Since DID messages are always to be signed and the 'chain of custody' of the signing key can be traced throughout the identity lifespan, replay, message insertion, deletion, modification and man-in-the-middle attacks are prevented.

### Stateless Identities​

Unlike for-purpose blockchains or Smart Contract based DID methods, the IOTA Tangle does not track and store the state of DID Document. This prevents dusting attacks against the nodes. However, the client that resolves the DID Document has the responsibility to always validate the entire history of the DID Document as to validate the 'chain of custody' of the signing keys. If a client does not do this, identity hijacking is trivially possible. The IOTA Identity framework, which implements the did:iota method, provides an easy-to-use client-side validation implementation.

### Snapshotting​

IOTA allows feeless data and value messages. As such, it has a large history of messages amounting to several TBs at the time of writing. Most nodes 'snapshot' (forget/delete) older transactions, while they keep the UTXOs stored in the ledger. The snapshot settings are local, therefore all nodes may store a different length of history. As such, older DID messages would not be available at every node. Since the entire history of the DID Document is required for client-side validation, this may become problematic. It is currently recommended to either use your own node that does not snapshot, or use the Chronicle Permanode, which keeps the entire history of the Tangle. This is not a longterm scalable solution, which is why other methods for either keeping state or selective storage are considered.

### Denial of Service Attacks​

There is little to no barrier for users to send any message to the Tangle. While this is a great feature of IOTA, it has its drawbacks in terms of spam. Anyone can post messages on the index of an Identity and therefore decrease the query speed. To reduce a user's own load on their identity verification speed, the Diff chain was introduced. Other messages that are spammed are identified and dropped as early as possible in the resolution process without triggering any errors or warnings. These are, for example, random data messages or incorrectly signed DID messages.

IOTA nodes provide pagination for more then 100 messages on an index, requiring multiple queries for identities with more messages. Since the queries are the bottleneck in the resolution process, it is recommended to run an IOTA node in a nearby location if fast verification is required for the use case. Verification may, in the future, also be outsourced to nodes directly, to reduce the effect of spam attacks. If an identity is significantly spammed, it might be best to create a new identity.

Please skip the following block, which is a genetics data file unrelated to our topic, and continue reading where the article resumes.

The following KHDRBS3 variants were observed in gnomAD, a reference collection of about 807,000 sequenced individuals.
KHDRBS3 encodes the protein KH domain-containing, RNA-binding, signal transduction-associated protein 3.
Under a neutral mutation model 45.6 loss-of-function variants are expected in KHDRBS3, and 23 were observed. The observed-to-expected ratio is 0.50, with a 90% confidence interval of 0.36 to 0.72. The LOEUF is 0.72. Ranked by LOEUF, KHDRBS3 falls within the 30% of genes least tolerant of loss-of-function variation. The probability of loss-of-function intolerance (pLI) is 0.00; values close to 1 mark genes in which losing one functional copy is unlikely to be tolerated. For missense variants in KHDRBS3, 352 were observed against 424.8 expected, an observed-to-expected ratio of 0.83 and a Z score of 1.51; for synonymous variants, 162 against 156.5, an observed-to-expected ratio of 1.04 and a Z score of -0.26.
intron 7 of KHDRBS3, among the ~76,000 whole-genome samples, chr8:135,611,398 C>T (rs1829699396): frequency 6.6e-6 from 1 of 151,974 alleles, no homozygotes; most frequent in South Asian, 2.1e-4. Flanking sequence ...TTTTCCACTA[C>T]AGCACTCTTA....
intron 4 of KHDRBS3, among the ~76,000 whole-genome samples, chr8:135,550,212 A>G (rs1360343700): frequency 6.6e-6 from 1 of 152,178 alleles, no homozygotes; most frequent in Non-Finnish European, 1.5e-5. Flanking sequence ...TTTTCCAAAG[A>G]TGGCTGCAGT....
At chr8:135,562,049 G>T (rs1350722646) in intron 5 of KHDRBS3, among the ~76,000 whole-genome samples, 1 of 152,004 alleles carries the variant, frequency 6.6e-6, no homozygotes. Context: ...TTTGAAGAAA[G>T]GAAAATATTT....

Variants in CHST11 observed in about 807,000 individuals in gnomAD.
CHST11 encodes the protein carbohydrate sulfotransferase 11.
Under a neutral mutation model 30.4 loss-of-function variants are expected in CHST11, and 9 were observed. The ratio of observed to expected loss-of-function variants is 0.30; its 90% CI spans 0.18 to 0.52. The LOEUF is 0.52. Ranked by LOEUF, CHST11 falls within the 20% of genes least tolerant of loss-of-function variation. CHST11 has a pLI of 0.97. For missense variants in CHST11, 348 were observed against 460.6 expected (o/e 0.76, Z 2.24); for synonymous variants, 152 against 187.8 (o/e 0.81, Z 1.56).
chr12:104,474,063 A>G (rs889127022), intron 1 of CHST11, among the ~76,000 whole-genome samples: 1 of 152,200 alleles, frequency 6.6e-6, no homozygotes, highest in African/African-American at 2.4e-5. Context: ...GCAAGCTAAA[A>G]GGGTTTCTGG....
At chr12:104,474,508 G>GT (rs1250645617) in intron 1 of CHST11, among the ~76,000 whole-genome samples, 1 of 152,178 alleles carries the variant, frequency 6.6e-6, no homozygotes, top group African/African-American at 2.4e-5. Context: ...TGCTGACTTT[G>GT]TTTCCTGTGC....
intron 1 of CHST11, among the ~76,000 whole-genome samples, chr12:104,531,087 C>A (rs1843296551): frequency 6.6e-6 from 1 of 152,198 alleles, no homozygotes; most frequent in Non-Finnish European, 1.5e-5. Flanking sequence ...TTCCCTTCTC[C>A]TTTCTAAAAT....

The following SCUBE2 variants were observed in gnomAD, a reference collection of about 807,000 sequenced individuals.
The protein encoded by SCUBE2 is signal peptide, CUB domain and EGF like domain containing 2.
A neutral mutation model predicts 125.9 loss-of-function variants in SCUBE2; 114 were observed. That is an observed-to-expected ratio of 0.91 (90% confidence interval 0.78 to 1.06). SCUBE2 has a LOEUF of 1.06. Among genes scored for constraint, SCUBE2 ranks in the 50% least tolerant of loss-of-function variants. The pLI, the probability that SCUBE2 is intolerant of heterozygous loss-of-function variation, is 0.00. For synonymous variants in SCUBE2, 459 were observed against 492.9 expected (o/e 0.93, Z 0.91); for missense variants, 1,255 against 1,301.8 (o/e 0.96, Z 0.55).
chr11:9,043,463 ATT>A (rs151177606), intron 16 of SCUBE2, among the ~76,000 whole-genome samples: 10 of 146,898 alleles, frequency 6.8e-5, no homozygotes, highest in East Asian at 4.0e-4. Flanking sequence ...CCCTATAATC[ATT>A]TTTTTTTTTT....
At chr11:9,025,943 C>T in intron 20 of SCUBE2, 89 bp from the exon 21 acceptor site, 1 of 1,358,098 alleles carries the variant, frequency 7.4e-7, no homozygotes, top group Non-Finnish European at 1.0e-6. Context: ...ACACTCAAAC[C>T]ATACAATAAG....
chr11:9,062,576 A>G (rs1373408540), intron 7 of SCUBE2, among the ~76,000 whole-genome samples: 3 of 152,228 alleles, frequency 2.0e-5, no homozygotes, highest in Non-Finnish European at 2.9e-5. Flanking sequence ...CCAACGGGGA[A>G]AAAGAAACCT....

### Quantum Computer Threats​

The did:iota method is no more vulnerable to quantum computers than other DID methods. The IOTA Identity framework currently utilizes elliptic curve based cryptographic suites, however adding support for quantum secure cryptographic suites in the future is very easy.

### Private Key Management​

All private keys or seeds used for the did:iota method should be equally well protected by the users. The signing key is especially important as it controls how keys are added or removed, providing full control over the identity. The IOTA Identity framework utilizes the Stronghold project, a secure software implementation isolating digital secrets from exposure to hacks or leaks. Developers may choose to add other ways to manage the private keys in a different manner.

## Privacy Considerations​

### Personal Identifiable Information​

The public IOTA Tangle networks are immutable networks. This means that once something is uploaded, it can never be completely removed. That directly conflicts with certain privacy laws such as GDPR, which have a 'right-to-be-forgotten' for Personal Identifiable Information (PII). As such, users should NEVER upload any PII to the Tangle, including inside DID Documents. The IOTA Identity framework allows Verifiable Credentials to be published to the Tangle directly, however this feature should only be utilized by Identity for Organisation and Identity for Things.

### Correlation Risks​

As with any DID method, identities can be linked if they are used too often and their usage somehow becomes public. IOTA provides a simple solution for this problem: as creating identities is completely feeless, it is recommended to make new identities on a per interaction basis (Pairwise DIDs). The IOTA Identity framework will provide support for this in the future.